This week, for the maiden voyage of Retroid Prime Time, I discuss favourite game past and present and what I think makes the perfect favourite game. Come join me for the start of this new adventure.
Tengami Preview: A Beautiful Visual Experience
Perhaps the best indie game I demoed at PAX East (and I played a lot of them) was an iOS game called Tengami developed by Nyamyam Games. Before I sat down to give it a go, game creator Jennifer Schneidereit explained to me that Tengami is not really a game at all. While it features classic puzzle elements, it acts more like a visual experience the player reacts to than an objective game. All-in-all, Tengami added up to a unique, beautiful treat that I’m thankful I didn’t skip over.
I sat down with an iPad as the game booted up. There were two demos to try: ocean and forest. Being more of a woodsland guy than an aqua-lover, I opted to play the forest demo. A short cutscene played that showed words like “gone” and “forgotten” as a cherry blossom fell from a tree. And suddenly I was in the game.
Tengami is a multi-layered, side-scrolling puzzle game with 2D visuals set on a 3D plane. You play as an, as of yet, unnamed historical Japanese character in a pop-up book. By double tapping somewhere on the land, your character will take the shortest path there. I naturally began making my way to the right as the camera panned out to show me more of the map.
This game is gorgeous. The blue and purple paper craft artwork is unlike anything I’ve ever seen in a game before. The gentle colors and artistic beauty of the world were definitely one of the highlights of my time with Tengami. I couldn’t wait to see what was next as I reached the edge of the screen and used a swipe of my finger to flip the paper to jump my character to the next page and continue onward.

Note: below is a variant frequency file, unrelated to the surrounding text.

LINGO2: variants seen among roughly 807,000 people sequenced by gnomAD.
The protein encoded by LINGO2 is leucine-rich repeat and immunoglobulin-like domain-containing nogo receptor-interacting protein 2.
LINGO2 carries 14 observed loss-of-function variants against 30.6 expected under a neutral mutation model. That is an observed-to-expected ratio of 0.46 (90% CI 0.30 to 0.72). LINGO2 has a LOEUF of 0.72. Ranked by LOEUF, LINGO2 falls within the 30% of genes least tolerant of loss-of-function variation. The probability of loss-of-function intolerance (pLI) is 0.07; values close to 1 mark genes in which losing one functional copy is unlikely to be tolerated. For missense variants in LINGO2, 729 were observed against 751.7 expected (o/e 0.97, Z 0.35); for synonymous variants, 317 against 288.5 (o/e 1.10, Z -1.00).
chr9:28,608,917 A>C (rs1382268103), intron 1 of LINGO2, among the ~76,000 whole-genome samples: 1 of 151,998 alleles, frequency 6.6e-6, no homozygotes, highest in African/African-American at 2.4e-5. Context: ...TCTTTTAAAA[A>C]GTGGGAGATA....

As I made my way past streams under the light of the paper moon, I noticed how beautifully the music accompanied the visuals and calm serenity of the game. The sound design was just as calming and peaceful as the gameplay and visuals; I can easily picture this game being used as a stress reliever once it’s released.
Finally I made it to my first puzzle, if you can call it that. Glowing parts of the book are components that can be manipulated. Much like a real pop-up book, there are sliders and paper doors that can be moved and opened, indicated by a faint glow. A small fountain blocked my path, but by sliding my finger across it, the fountain “closed” and to make a flat path I could continue on.
After moving on, I noticed a wolf was following me from a short cliff above that I couldn’t reach. I came upon a door I had to progress through, but it was on the level above me with the wolf. I flipped a door below the ledge to cause a staircase to pop up so I could climb it, but the wolf suddenly howled and the staircase closed. Realizing the fruitlessness of this effort, I continued to the right, the wolf still following from above.
Eventually I reached a field with three other wolfs and a tree with four branches. Each branch had a set of wind chimes and a slider attached. I pulled the bottom one and one of the wolves howled. I pulled the next one up and nothing happened. Right away I understood that I had to pull them in a specific order to make every wolf howl. By experimenting for a few seconds, I found the correct combination. After each wolf howled, they all fell asleep. I made my way back, flipped the staircase back up, and continued through the door.
The other significant puzzle element I encountered included lowering and raising the water in a well in order to find an essential piece needed to open a gate. Throughout the rest of the demo, I flipped pages, opened more pop-ups, got confused a couple times, and reveled in the beauty of the world of Tengami. At the end of the demo, I found the cherry blossom that fell in the opening cutscene. After grabbing it, the demo concluded with more words echoing the themes of death and being forgotten that were stated at the beginning.
I had a blast with Tengami. I couldn’t get over how innovative the art and music was, and the simplistic gameplay and light puzzle elements added up to less of a game and more of a thoroughly enjoyable visual adventure as I toured my way through a Japanese pop-up book. Players will have to wait until the title releases in the summer before they can get their hands on it.